Glove Story of the Week - Valentine’s Day Traditions | The Fashion Museum

Glove Story of the Week - Valentine’s Day Traditions

Welcome to week two of our new series showcasing the world-class Glove Collection of the Worshipful Company of Glovers of London, cared for and housed here in Bath at the Fashion Museum.

15 February 2019

"If that from Glove you take the letter G, then Glove is Love and that I send to Thee" - noted on a Valentine’s Day card from 1834.

This week we have taken inspiration from Valentine’s Day and have selected a beautiful pair of over-the-wrist ruby red suede leather gloves by Miloré. Dating from the 1960s, the gloves feature an eye-catching pattern of four curving stems of stylised flowers stamped into the sueded leather on the back of each hand.

The colour red is strongly associated with romance and passion, and cards and gifts containing red hearts and roses are traditionally given by admirers on 14 February as symbols of their love. But, did you know that gloves actually have a connection of their own to Valentine’s Day?

Towards the end of the Elizabethan era, gloves became a traditional Valentine’s Day gift for women and remained so for many years. The diarist Samuel Pepys references this custom in an entry from February 1660-1:

“Then my wife to Sir W. Batten’s, and there sat a while; he having yesterday sent my wife half-a-dozen pairs of gloves, and a pair of silk stockings and garters, for her Valentine’s gift.” 

Another tradition we’ve heard about was the custom for men to send a gift of gloves to a lady on Valentine’s Day. The suitor then had to wait patiently until Easter Sunday; only then if his gloves were worn by the lady in question did he know that she returned his affection, suggestive of the ancient ritual of winning a lady’s hand. There is also a belief that if a woman finds a single glove on Valentine’s Day, then the missing one to the pair will be in the possession of her future true love (we love this one!).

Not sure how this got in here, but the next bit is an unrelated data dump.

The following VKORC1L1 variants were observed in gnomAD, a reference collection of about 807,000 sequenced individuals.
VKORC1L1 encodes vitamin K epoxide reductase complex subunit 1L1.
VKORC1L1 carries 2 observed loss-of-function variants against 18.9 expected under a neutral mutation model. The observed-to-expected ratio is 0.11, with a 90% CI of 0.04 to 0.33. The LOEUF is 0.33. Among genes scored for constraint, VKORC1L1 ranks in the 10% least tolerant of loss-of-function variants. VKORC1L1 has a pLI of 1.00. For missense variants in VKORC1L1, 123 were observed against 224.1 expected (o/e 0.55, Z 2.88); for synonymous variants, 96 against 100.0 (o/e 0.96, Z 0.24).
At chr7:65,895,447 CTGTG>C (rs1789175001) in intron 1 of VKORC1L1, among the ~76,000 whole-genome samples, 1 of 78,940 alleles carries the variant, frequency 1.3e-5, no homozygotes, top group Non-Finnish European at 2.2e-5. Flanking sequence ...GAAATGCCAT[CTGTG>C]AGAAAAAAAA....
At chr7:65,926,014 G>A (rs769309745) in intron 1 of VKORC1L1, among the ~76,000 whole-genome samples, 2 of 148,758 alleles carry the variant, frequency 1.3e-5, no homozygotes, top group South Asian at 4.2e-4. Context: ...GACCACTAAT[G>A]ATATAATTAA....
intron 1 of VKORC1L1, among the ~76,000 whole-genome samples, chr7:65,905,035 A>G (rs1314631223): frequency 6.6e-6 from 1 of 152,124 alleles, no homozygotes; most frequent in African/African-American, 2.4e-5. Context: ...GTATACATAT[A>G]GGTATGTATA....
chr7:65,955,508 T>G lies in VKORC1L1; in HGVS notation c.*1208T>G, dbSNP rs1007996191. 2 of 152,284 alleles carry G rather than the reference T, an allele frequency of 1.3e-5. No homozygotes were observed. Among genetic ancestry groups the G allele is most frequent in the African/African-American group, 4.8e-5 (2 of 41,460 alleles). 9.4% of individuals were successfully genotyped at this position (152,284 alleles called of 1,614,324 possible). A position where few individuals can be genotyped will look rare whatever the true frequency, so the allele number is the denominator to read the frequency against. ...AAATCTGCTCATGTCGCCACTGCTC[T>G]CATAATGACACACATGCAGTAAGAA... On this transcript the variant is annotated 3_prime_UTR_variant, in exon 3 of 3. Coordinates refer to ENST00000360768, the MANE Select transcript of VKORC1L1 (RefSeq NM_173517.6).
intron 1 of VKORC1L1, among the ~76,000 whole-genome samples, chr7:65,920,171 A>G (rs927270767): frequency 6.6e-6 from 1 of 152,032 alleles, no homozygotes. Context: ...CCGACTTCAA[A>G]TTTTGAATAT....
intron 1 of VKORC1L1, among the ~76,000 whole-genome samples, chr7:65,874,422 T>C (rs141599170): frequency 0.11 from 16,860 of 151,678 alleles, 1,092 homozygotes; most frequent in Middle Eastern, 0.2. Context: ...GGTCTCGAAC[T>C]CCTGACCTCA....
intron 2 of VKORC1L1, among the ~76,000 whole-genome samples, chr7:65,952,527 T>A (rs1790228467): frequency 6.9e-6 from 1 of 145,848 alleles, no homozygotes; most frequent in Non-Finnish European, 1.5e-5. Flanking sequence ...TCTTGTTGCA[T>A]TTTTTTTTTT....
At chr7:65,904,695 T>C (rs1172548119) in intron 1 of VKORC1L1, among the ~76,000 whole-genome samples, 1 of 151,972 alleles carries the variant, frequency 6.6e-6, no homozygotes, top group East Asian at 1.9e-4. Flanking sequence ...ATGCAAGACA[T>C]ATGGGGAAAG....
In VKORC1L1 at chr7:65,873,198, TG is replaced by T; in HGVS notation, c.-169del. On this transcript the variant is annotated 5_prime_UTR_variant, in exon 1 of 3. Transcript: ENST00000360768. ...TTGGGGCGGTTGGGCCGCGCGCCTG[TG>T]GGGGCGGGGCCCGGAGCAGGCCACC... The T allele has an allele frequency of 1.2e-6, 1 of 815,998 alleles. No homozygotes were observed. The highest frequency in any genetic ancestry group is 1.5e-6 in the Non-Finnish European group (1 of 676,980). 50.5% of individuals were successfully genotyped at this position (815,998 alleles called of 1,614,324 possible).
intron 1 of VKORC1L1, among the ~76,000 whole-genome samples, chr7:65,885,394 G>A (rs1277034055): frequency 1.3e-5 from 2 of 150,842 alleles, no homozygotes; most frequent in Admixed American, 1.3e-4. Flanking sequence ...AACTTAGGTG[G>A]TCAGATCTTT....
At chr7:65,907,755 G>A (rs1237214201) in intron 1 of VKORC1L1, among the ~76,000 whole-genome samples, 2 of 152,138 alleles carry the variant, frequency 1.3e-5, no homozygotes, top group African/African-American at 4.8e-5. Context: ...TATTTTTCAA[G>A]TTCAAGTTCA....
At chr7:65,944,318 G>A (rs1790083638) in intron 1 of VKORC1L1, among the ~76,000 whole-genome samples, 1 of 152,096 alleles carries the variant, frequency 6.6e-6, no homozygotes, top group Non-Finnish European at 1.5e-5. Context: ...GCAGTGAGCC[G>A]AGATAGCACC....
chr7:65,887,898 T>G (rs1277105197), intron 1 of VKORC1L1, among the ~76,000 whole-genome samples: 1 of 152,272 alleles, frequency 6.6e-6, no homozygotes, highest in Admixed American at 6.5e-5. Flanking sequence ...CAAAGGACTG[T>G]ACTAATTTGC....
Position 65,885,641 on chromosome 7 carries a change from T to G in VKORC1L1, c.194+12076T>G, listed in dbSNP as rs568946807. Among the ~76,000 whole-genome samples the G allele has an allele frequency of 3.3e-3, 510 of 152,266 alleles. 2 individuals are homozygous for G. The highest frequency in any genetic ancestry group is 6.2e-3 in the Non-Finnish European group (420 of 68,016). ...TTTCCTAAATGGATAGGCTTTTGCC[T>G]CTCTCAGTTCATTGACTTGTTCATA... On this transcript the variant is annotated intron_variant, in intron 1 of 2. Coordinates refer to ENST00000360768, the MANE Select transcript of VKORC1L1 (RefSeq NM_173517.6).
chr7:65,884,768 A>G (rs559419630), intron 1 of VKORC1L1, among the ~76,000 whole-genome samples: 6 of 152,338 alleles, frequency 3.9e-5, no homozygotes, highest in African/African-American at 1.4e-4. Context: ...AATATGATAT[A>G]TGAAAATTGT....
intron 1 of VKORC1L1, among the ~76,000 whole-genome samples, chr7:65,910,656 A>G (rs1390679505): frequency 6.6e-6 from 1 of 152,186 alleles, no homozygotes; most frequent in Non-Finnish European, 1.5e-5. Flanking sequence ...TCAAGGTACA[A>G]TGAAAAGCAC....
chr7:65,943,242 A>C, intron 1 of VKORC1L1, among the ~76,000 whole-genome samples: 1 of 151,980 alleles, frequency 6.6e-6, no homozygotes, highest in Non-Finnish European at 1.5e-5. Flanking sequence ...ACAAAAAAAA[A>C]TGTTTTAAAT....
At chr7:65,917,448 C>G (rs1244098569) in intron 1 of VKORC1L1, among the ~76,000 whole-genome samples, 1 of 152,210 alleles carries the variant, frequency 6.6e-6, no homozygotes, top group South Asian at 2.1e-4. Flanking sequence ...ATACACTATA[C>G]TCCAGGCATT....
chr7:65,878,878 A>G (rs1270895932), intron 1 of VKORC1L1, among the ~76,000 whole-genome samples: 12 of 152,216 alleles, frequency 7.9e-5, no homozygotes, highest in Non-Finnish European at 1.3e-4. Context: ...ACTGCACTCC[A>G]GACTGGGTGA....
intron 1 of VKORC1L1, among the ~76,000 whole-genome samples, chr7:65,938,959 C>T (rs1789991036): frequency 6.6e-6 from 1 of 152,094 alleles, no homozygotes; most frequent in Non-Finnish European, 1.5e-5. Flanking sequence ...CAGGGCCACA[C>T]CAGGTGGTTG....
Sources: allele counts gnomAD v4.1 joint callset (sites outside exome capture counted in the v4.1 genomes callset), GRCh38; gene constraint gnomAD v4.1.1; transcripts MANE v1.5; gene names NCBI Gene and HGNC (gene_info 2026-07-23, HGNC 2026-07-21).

Gloves have a long history of being given as gifts. They appear as love tokens in Elizabethan poetry and along with garters, stay busks and rings – all items in direct contact with the skin – were offered and received as a signifier of love and commitment. Gloves were also bestowed as favours. Dropping a glove was regarded as a sign of a lady’s favour towards a lover, who would retrieve it and wear it on his body, and in the sixteenth to eighteenth centuries, it was common practice to remove a glove and give it as a gift to a favourite.

The Worshipful Company of Glovers of London continues this rich tradition of giving gloves as gifts today, honouring guests at Livery lunches and at the annual banquet with a specially selected pair.

The maker of this week’s gloves, Miloré, was one of the many gloving firms based in Worcester in the West Midlands. Worcester has been a historic centre for glove-making in the UK since the 1700s with records showing that, at the beginning of the 19th century, at least half of all the glove-makers in England were based in and around the city. By the middle of the 20th century however, when these gloves were made, only a few Worcester gloving companies survived as gloves became less fashionable and free trade allowed in cheaper imports.

Miloré thrived in the post-war years under the leadership of Emil Rich, a skilled glove-maker and business man, one of many Jewish refugees from Germany in the late 1930s. Rich took the firm in a fresh direction developing its iconic glove-shaped ‘Stylish Gloves’ logo and the distinctive lower case ‘miloré’ seen on this striking pair, and turned the company into a leading 1960s fashion brand.  

We would love to find out more about Emil Rich and Miloré so please do get in touch at [email protected] with any stories and photographs – it would be brilliant to hear from you.

We will also be posting Glove Stories over the coming weeks about other Worcester-based glove-making firms such as Dent Allcroft & Sons established in 1777 and Fownes, who moved to Worcester from their base and factory in London in 1887, as well as the many glove-makers centred in the towns and villages of Somerset, Dorset and West Wiltshire, so watch this space!

Our new display Glove Stories runs from 2 March 2019 to 1 March 2020. To celebrate we are highlighting one fabulous pair of gloves from this wonderful collection every week.

Glove images courtesy of the Worshipful Company of Glovers of London.